The Devil’s Manor (1896)

Rating:

aka The Devil’s Castle; The Haunted Castle (Le Manoir Du Diable)

France. 1896.

Crew

Director/Screenplay/Producer/Photography (b&w)/Special Effects – Georges Melies. Production Company – Star.


Plot

A bat appears and transforms into The Devil. The Devil manifests a cauldron and conjures forth several illusions to torment two passing friends. They eventually get the upper hand and banish him using a crucifix.


Georges Melies (1861-1938) was the grandfather of both the science-fiction and fantasy film. Melies was originally an amateur magician who jumped upon the novelty of the movie camera after the Lumiere Brothers made the very first film in 1895. In almost no time, Melies hit upon special effects trickery. This came about by accident when his camera jammed one day – when playing his footage back, the jump in the film appeared to make an object vanish. Melies quickly began experimenting with stop-action camera effects. His first such film was The Lady Vanishes (1896) in which he appears as a conjuror and makes a lady disappear in a puff of smoke. His films rapidly started to progress in sophistication and Melies discovered most of the modern special effects tricks – animation, superimposition, split-screen, miniatures, even the fade and the dissolve. Melies also built the first ever movie studio – which had only a single set – in his country garden in Montreuil. Melies made some 500 films, none more than 15 minutes long, between 1896 and the eventual bankruptcy of his studio in 1914. His most sophisticated work, and the one he has become most famous for, was the prototypical science-fiction film A Trip to the Moon (1902).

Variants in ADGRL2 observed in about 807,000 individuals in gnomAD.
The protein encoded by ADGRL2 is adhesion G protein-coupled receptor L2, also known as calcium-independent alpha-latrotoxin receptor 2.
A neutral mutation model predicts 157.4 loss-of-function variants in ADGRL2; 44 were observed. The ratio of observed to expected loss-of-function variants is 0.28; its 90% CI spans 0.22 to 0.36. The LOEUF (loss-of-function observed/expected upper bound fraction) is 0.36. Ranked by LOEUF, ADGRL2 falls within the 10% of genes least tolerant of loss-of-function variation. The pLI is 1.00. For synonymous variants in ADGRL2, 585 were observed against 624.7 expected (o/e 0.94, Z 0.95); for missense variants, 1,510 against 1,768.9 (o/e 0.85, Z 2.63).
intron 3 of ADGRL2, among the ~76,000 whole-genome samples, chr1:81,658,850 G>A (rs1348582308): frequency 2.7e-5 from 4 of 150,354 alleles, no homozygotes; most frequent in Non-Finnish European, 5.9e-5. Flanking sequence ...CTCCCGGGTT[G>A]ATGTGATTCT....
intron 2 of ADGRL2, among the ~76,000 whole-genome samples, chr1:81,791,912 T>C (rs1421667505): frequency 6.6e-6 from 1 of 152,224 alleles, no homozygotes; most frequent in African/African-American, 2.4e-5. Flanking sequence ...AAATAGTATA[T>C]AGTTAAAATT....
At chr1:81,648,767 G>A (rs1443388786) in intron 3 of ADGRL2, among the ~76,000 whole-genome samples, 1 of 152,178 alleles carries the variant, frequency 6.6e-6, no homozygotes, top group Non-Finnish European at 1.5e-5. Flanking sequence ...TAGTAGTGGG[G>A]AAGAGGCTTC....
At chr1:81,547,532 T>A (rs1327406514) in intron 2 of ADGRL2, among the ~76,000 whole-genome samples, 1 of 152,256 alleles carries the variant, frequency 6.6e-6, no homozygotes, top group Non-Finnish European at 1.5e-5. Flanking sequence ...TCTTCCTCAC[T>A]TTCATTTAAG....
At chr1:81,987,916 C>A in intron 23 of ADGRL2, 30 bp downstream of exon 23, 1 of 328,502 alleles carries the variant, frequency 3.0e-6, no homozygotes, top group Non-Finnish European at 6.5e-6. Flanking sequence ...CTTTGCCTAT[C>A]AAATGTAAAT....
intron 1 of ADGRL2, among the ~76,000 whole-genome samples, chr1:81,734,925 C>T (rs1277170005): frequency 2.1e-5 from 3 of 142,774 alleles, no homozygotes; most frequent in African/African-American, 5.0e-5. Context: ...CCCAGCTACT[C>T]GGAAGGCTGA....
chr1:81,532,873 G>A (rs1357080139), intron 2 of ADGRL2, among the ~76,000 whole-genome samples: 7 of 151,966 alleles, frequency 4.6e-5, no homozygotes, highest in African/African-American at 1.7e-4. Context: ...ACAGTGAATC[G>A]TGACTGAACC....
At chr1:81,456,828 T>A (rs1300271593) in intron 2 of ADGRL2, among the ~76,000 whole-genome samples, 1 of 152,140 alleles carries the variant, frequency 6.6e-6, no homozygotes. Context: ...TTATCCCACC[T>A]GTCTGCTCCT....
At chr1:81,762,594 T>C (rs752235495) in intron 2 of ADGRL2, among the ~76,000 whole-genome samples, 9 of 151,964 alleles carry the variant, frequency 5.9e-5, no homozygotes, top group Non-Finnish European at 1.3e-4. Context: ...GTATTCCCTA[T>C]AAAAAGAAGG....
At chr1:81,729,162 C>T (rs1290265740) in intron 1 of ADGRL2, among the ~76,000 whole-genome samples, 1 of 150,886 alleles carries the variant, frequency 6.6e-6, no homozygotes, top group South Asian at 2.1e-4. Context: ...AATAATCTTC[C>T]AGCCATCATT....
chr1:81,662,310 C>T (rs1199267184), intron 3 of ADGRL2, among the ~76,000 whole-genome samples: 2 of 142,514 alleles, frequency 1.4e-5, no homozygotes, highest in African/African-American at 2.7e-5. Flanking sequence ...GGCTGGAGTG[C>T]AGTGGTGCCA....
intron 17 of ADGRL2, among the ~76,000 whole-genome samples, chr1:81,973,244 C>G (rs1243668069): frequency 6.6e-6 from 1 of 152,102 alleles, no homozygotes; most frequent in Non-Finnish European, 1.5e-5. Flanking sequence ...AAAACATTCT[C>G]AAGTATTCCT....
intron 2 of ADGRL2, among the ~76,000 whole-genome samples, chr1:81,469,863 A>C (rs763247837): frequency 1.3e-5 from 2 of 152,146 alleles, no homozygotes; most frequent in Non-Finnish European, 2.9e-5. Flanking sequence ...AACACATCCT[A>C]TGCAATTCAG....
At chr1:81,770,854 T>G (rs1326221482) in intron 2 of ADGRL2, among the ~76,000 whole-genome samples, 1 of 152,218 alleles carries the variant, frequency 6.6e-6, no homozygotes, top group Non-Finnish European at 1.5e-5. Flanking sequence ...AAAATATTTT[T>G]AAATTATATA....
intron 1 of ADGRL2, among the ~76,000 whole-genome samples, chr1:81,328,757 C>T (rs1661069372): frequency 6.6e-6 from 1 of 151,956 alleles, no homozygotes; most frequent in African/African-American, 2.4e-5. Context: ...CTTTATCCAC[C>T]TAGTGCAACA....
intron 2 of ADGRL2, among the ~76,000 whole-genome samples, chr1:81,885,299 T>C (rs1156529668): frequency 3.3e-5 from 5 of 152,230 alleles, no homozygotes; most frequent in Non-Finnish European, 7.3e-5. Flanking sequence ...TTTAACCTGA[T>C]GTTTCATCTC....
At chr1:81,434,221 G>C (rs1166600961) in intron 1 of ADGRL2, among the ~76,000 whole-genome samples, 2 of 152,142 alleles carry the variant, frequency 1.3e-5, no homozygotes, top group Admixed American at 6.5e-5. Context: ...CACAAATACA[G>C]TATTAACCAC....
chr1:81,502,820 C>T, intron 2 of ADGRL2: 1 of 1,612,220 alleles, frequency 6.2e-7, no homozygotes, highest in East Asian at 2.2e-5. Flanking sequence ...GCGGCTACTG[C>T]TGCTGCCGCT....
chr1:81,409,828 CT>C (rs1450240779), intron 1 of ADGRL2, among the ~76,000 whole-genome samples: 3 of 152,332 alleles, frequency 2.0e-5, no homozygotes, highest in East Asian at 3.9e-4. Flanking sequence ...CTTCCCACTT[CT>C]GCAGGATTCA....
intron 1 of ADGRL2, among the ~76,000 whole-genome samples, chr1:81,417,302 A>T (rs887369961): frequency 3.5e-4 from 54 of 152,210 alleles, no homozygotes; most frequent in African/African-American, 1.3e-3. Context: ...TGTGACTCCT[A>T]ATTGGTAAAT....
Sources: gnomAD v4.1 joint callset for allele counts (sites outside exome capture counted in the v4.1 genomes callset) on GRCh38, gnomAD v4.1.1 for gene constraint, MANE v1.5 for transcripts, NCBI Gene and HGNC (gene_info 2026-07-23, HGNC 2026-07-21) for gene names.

At heart though, Georges Melies’s films were little more than glorified magic shows. Amid all of his discoveries, for example, Melies never discovered the concept of moving his camera. His shows were exactly like stage shows where the camera remained in a fixed position in exactly the same place that the audience would sit and the trick effects would take place on the stage before it.

The Devil’s Manor was one of his earliest films and in this case it is simply he playing with stop-action camera effects. These allow the Devil to appear and manifest all manner of items – ghosts, witches, acrobats and angelic visions from out of a cauldron – and to transform back and forth into a bat. The film is a single note joke but it is made with a sense of humour, most amusingly the end crucifix joke, which is probably the first use of a crucifix to despatch evil in a film. The film lasts about two minutes and has only a single camera set-up.

For a more detailed discussion of other Georges Melies films, see Melies Cinemagician (2011) and the Melies documentary The Extraordinary Voyage (2011).




Director:
Category:
Themes: , , , ,